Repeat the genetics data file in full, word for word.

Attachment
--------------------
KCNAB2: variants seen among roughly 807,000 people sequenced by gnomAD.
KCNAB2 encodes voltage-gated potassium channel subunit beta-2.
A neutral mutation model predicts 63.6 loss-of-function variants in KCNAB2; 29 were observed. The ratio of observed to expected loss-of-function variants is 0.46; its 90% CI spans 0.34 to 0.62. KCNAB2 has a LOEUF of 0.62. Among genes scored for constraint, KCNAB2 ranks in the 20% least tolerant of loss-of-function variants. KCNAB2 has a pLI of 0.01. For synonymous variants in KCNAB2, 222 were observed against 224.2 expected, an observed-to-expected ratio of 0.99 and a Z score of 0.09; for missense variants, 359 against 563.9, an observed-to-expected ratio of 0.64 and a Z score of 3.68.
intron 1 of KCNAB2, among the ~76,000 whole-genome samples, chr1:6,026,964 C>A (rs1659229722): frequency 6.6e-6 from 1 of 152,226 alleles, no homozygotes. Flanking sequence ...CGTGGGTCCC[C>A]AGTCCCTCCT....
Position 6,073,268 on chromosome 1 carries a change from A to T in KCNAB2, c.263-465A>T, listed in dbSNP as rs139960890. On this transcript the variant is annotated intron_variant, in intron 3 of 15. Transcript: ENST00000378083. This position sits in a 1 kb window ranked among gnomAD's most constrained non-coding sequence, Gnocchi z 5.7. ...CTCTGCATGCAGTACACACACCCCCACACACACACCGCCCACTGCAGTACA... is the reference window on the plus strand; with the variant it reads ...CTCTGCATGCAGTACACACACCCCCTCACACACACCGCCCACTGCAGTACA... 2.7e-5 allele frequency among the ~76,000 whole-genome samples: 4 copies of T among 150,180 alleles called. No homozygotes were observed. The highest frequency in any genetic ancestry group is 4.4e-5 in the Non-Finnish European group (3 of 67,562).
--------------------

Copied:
KCNAB2: variants seen among roughly 807,000 people sequenced by gnomAD.
KCNAB2 encodes voltage-gated potassium channel subunit beta-2.
A neutral mutation model predicts 63.6 loss-of-function variants in KCNAB2; 29 were observed. The ratio of observed to expected loss-of-function variants is 0.46; its 90% CI spans 0.34 to 0.62. KCNAB2 has a LOEUF of 0.62. Among genes scored for constraint, KCNAB2 ranks in the 20% least tolerant of loss-of-function variants. KCNAB2 has a pLI of 0.01. For synonymous variants in KCNAB2, 222 were observed against 224.2 expected, an observed-to-expected ratio of 0.99 and a Z score of 0.09; for missense variants, 359 against 563.9, an observed-to-expected ratio of 0.64 and a Z score of 3.68.
intron 1 of KCNAB2, among the ~76,000 whole-genome samples, chr1:6,026,964 C>A (rs1659229722): frequency 6.6e-6 from 1 of 152,226 alleles, no homozygotes. Flanking sequence ...CGTGGGTCCC[C>A]AGTCCCTCCT....
Position 6,073,268 on chromosome 1 carries a change from A to T in KCNAB2, c.263-465A>T, listed in dbSNP as rs139960890. On this transcript the variant is annotated intron_variant, in intron 3 of 15. Transcript: ENST00000378083. This position sits in a 1 kb window ranked among gnomAD's most constrained non-coding sequence, Gnocchi z 5.7. ...CTCTGCATGCAGTACACACACCCCCACACACACACCGCCCACTGCAGTACA... is the reference window on the plus strand; with the variant it reads ...CTCTGCATGCAGTACACACACCCCCTCACACACACCGCCCACTGCAGTACA... 2.7e-5 allele frequency among the ~76,000 whole-genome samples: 4 copies of T among 150,180 alleles called. No homozygotes were observed. The highest frequency in any genetic ancestry group is 4.4e-5 in the Non-Finnish European group (3 of 67,562).